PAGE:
A mother who tirelessly advocated for automotive safety after losing her daughter in the crash of a vehicle with a defective General Motors ignition switch is being honored for the first Clarence M. Ditlow III Safety Champion Award.
Laura Christian was selected for her “stalwart commitment to consumer protection and vehicle safety that characterized Clarence’s life,” said Joan Claybrook, co-chair of Advocates for Highway and Auto Safety in a statement released today.
The award honors the life of Clarence Ditlow, who for four decades served as the executive director of The Center for Auto Safety. Ditlow, regarded nationally as a leading advocate and expert on automotive safety and consumer rights, died in November.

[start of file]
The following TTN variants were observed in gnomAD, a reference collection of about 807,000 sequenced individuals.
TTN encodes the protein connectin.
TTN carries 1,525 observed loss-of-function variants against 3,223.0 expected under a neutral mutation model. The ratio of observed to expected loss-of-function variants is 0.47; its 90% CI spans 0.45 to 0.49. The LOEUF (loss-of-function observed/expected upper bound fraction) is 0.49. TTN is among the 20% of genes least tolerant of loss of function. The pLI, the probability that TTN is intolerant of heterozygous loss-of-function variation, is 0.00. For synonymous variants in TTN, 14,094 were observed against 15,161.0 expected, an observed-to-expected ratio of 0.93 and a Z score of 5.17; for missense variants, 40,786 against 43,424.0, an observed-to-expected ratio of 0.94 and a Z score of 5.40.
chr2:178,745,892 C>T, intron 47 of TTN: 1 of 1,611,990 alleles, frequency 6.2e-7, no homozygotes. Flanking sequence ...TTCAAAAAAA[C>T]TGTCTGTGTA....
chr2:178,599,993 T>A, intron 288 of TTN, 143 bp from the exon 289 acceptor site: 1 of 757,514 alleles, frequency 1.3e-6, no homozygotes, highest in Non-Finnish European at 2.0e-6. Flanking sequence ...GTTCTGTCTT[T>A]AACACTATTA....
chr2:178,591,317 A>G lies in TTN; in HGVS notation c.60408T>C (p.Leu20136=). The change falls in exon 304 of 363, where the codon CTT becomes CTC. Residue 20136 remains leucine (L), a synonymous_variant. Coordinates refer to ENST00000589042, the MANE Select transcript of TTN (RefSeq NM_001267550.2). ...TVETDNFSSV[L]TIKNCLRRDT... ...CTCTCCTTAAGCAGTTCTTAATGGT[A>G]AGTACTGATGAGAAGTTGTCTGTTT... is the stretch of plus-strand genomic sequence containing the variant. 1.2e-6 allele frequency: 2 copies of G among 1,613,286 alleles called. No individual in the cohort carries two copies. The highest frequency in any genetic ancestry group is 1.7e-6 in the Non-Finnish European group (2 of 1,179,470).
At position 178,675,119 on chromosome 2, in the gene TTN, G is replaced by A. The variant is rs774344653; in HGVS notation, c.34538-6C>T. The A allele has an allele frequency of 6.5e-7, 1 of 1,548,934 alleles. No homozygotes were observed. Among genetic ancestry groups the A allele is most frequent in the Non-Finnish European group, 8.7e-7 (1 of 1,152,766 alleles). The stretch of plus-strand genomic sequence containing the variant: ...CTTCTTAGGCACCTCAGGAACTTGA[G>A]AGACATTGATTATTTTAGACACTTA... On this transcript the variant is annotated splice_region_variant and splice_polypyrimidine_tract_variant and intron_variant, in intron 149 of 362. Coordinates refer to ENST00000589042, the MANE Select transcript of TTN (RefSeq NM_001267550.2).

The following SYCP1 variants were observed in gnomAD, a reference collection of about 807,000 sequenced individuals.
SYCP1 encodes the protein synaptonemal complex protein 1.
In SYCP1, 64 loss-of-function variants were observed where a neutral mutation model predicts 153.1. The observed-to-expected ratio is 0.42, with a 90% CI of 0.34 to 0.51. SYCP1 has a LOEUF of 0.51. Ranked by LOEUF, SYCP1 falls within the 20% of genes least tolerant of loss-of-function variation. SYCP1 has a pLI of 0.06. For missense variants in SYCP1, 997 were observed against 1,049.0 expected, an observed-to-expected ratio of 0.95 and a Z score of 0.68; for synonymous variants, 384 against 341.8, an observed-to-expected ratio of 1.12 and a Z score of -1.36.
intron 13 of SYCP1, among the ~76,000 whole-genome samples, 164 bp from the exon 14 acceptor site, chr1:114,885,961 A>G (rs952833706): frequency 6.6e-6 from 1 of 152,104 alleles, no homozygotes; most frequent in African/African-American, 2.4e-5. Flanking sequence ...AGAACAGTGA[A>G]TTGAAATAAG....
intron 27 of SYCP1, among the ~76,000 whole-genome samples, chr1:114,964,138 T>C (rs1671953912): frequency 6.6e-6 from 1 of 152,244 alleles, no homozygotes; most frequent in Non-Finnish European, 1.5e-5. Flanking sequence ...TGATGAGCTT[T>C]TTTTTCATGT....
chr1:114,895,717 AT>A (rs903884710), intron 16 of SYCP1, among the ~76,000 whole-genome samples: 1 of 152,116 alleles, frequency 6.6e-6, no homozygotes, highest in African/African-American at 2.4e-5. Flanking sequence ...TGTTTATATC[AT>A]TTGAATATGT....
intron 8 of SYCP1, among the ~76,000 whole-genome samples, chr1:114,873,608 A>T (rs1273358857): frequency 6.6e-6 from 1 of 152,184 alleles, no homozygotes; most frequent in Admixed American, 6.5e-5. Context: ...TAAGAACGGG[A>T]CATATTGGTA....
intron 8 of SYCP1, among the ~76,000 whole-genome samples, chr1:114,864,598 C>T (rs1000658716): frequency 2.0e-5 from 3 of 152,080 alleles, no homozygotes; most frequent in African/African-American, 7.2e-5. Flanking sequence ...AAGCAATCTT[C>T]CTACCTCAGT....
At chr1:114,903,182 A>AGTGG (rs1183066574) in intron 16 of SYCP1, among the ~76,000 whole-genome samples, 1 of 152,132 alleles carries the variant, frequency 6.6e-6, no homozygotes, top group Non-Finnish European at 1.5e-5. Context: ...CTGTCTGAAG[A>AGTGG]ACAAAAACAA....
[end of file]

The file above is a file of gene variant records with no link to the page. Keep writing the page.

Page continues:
Ms. Christian lost her daughter, Amber Marie Rose, in 2005 when her Chevrolet Cobalt crashed and the airbag failed to deploy. Her death was one of dozens that brought national attention to the deadly ignition switch defect that existed for more than a decade but GM failed to publicly address.
More than 7 million vehicles in the United States were recalled for the defect, which could cause the engine to turn off, disabling the power steering, brakes and airbags. Since the defect was exposed, Langdon & Emison has represented clients across the country who were injured or lost loved ones in crashes involving defective ignition switches.
General Motors has acknowledged at least 124 deaths from the deadly defect, according to Forbes.
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